Traffic accidents are not really in our wheelhouse. So whenever I’m commissioned by friends and acquaintances for such cases, it never ceases to amaze me the utter nonsense that gets put on paper. One example is the case of a friend who, while jogging, witnessed a cyclist fall off of his bike right next to him – and who is now all of a sudden being sued for damages and pain and suffering as the alleged perpetrator of the accident.
It’s quite remarkable in and of itself that a cyclist (as the “stronger” of the road users here) is suing a pedestrian. Or that, in this case, it is undisputed that neither party had any physical contact with the other. What I found particularly absurd was that the opponent claimed that our description of the path on which our client was jogging was hard to believe, unrealistic and – wait for it – PHYSICALLY IMPOSSIBLE! A jogger could not possibly run through such a tight curve. Based on the laws of physics, he would have necessarily had to be facing “oncoming traffic” (i.e. in the bike lane).
Now, seriously, who comes up with these things? Are there laws of nature specifying a jogger’s turning radius? And if someone wants to rotate 180 degrees, is the best course to make a “three point turn” like they teach you when you’re learning to drive? It’s a pretty funny thing to picture!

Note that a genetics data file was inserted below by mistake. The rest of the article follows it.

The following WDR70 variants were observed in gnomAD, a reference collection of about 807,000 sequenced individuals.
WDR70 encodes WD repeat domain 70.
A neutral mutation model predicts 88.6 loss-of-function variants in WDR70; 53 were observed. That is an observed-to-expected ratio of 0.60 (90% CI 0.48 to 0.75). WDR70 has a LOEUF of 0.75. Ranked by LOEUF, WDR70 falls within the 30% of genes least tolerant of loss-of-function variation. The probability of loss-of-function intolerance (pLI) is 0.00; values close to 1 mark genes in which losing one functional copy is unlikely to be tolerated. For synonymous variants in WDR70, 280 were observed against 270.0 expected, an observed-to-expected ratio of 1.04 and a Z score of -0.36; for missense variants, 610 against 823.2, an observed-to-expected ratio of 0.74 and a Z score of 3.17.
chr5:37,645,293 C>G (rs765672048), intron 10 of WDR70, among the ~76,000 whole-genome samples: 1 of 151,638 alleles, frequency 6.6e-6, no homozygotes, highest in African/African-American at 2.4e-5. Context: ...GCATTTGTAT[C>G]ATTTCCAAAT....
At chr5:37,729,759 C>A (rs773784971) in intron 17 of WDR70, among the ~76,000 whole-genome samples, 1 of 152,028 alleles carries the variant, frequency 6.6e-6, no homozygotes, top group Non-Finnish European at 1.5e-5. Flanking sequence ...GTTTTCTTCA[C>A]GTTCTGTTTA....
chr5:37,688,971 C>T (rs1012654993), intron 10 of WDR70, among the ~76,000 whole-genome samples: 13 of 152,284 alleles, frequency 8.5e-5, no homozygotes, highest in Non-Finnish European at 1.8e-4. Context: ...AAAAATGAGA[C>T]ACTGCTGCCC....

So naturally I offered for an expert opinion to be sought on the matter as counter-evidence. Or to demonstrate in court that I can even make a 360-degree turn on the spot – without any need for a turning radius.
Fortunately, we have now won the case and have done so without the need for me to perform any pirouettes in the courtroom. The judge knew from his own experience that people have the ability to turn or run through tight corners without the need for a turning radius.
I’m looking forward to the written grounds for the verdict!